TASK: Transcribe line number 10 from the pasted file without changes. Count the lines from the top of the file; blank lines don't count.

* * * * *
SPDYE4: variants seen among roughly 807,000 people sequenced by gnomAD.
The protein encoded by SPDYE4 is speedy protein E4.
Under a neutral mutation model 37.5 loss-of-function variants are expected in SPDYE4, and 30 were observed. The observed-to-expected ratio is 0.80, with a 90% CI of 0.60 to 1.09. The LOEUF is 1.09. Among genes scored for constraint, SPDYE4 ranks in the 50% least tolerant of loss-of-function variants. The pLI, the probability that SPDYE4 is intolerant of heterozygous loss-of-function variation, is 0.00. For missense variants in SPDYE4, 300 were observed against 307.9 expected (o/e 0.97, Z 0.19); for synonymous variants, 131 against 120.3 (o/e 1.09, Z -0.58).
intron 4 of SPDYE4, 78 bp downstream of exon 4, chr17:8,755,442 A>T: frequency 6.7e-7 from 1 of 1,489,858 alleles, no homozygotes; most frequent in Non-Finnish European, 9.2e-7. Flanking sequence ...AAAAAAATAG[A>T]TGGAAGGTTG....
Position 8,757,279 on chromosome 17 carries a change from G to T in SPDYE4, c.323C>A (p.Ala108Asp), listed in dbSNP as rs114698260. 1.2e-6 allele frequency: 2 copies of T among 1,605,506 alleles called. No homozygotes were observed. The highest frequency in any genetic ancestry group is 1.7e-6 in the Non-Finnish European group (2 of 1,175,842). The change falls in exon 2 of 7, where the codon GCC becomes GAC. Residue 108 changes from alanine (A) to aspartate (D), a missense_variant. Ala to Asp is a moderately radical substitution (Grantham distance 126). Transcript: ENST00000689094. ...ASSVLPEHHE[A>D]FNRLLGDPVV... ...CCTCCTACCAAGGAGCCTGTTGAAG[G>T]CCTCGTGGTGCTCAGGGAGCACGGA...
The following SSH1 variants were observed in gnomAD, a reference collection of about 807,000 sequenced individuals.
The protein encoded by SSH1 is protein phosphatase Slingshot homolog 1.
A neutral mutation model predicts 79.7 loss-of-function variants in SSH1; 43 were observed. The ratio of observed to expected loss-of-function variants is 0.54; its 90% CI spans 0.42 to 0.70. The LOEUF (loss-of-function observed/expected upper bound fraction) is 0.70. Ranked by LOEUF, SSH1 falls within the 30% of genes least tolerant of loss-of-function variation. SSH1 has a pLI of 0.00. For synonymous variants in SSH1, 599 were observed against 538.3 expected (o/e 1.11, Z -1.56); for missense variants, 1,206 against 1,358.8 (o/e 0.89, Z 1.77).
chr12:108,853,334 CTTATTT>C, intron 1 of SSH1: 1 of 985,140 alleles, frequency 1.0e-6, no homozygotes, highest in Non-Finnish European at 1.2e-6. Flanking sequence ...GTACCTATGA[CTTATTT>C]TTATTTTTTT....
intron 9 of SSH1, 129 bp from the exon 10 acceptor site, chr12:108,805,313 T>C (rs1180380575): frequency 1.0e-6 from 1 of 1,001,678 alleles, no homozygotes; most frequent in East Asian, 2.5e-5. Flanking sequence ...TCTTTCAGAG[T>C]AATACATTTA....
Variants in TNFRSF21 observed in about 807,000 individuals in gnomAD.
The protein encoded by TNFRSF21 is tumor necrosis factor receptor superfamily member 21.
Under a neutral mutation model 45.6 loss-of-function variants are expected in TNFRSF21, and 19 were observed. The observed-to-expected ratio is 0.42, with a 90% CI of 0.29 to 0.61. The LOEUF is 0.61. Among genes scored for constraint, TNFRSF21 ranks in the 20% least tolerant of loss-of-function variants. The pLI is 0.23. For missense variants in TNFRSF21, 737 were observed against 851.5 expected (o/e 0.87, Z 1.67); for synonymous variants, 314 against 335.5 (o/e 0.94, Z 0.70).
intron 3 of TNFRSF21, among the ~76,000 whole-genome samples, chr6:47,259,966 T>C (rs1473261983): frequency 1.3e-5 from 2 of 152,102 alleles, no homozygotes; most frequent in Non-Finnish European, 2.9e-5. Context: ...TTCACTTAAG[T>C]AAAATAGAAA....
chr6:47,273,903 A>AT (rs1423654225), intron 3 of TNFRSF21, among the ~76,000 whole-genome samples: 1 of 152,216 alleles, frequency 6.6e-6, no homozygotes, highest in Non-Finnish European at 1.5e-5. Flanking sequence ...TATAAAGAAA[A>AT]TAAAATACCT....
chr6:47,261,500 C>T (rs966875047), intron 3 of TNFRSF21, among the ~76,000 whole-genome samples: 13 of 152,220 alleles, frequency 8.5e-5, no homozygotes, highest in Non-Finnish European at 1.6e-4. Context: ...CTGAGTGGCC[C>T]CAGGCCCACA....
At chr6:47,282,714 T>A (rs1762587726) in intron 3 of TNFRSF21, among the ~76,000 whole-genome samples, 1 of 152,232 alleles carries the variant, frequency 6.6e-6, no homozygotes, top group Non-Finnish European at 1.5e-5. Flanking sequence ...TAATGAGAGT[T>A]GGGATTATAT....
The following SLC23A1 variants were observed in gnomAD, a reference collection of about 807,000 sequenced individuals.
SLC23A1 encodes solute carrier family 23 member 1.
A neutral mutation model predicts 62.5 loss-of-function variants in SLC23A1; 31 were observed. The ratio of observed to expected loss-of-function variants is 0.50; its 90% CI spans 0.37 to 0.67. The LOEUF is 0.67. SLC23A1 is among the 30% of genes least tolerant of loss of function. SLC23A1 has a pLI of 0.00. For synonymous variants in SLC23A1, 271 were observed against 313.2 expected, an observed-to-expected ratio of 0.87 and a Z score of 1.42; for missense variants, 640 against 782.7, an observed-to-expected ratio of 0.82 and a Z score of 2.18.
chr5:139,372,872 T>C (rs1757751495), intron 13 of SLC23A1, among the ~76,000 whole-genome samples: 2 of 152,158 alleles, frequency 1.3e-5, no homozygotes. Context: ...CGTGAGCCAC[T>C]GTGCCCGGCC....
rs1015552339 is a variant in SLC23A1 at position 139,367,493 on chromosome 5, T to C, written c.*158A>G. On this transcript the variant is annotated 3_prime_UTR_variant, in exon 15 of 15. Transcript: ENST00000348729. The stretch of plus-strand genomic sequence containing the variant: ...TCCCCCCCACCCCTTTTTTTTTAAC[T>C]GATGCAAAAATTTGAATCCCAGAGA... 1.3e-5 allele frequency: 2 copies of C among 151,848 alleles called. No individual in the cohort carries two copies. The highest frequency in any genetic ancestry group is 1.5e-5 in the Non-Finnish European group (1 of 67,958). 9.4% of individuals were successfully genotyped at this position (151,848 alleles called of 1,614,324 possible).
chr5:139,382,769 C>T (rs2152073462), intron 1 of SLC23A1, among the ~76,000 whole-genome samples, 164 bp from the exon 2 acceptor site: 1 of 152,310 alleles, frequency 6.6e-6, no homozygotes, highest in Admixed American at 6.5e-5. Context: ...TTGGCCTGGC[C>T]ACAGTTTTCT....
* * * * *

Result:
intron 9 of SSH1, 129 bp from the exon 10 acceptor site, chr12:108,805,313 T>C (rs1180380575): frequency 1.0e-6 from 1 of 1,001,678 alleles, no homozygotes; most frequent in East Asian, 2.5e-5. Flanking sequence ...TCTTTCAGAG[T>C]AATACATTTA....